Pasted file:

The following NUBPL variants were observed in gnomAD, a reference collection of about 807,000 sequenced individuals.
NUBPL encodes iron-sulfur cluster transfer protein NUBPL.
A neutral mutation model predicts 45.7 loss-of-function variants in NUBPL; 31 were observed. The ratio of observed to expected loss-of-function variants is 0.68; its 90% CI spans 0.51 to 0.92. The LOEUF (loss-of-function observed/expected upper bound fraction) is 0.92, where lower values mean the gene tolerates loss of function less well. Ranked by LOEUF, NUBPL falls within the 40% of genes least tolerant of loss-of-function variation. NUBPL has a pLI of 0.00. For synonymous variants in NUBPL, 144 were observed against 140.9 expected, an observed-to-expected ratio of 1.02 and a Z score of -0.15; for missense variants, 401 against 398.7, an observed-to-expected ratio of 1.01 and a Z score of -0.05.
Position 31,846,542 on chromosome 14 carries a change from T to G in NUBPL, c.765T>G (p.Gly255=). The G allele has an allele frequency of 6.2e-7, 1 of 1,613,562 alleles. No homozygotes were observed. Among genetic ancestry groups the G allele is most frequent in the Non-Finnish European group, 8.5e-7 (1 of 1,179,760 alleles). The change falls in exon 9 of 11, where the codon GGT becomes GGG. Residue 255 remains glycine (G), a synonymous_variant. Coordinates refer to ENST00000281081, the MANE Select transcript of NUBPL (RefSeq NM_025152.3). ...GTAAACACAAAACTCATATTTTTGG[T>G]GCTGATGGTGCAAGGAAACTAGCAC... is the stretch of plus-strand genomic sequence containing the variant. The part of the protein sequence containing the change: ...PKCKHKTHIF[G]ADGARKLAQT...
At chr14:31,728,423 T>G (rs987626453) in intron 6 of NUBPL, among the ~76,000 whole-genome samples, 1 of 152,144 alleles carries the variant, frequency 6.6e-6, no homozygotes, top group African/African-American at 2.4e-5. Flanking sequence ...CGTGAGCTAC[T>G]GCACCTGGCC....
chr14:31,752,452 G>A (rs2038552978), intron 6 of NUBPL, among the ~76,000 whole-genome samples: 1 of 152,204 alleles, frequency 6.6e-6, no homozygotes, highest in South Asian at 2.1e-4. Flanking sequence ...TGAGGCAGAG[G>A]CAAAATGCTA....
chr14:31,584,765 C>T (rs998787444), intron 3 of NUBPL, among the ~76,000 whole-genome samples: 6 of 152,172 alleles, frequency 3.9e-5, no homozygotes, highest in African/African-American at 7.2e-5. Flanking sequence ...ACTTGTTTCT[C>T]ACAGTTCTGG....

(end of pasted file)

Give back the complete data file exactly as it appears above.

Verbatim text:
The following NUBPL variants were observed in gnomAD, a reference collection of about 807,000 sequenced individuals.
NUBPL encodes iron-sulfur cluster transfer protein NUBPL.
A neutral mutation model predicts 45.7 loss-of-function variants in NUBPL; 31 were observed. The ratio of observed to expected loss-of-function variants is 0.68; its 90% CI spans 0.51 to 0.92. The LOEUF (loss-of-function observed/expected upper bound fraction) is 0.92, where lower values mean the gene tolerates loss of function less well. Ranked by LOEUF, NUBPL falls within the 40% of genes least tolerant of loss-of-function variation. NUBPL has a pLI of 0.00. For synonymous variants in NUBPL, 144 were observed against 140.9 expected, an observed-to-expected ratio of 1.02 and a Z score of -0.15; for missense variants, 401 against 398.7, an observed-to-expected ratio of 1.01 and a Z score of -0.05.
Position 31,846,542 on chromosome 14 carries a change from T to G in NUBPL, c.765T>G (p.Gly255=). The G allele has an allele frequency of 6.2e-7, 1 of 1,613,562 alleles. No homozygotes were observed. Among genetic ancestry groups the G allele is most frequent in the Non-Finnish European group, 8.5e-7 (1 of 1,179,760 alleles). The change falls in exon 9 of 11, where the codon GGT becomes GGG. Residue 255 remains glycine (G), a synonymous_variant. Coordinates refer to ENST00000281081, the MANE Select transcript of NUBPL (RefSeq NM_025152.3). ...GTAAACACAAAACTCATATTTTTGG[T>G]GCTGATGGTGCAAGGAAACTAGCAC... is the stretch of plus-strand genomic sequence containing the variant. The part of the protein sequence containing the change: ...PKCKHKTHIF[G]ADGARKLAQT...
At chr14:31,728,423 T>G (rs987626453) in intron 6 of NUBPL, among the ~76,000 whole-genome samples, 1 of 152,144 alleles carries the variant, frequency 6.6e-6, no homozygotes, top group African/African-American at 2.4e-5. Flanking sequence ...CGTGAGCTAC[T>G]GCACCTGGCC....
chr14:31,752,452 G>A (rs2038552978), intron 6 of NUBPL, among the ~76,000 whole-genome samples: 1 of 152,204 alleles, frequency 6.6e-6, no homozygotes, highest in South Asian at 2.1e-4. Flanking sequence ...TGAGGCAGAG[G>A]CAAAATGCTA....
chr14:31,584,765 C>T (rs998787444), intron 3 of NUBPL, among the ~76,000 whole-genome samples: 6 of 152,172 alleles, frequency 3.9e-5, no homozygotes, highest in African/African-American at 7.2e-5. Flanking sequence ...ACTTGTTTCT[C>T]ACAGTTCTGG....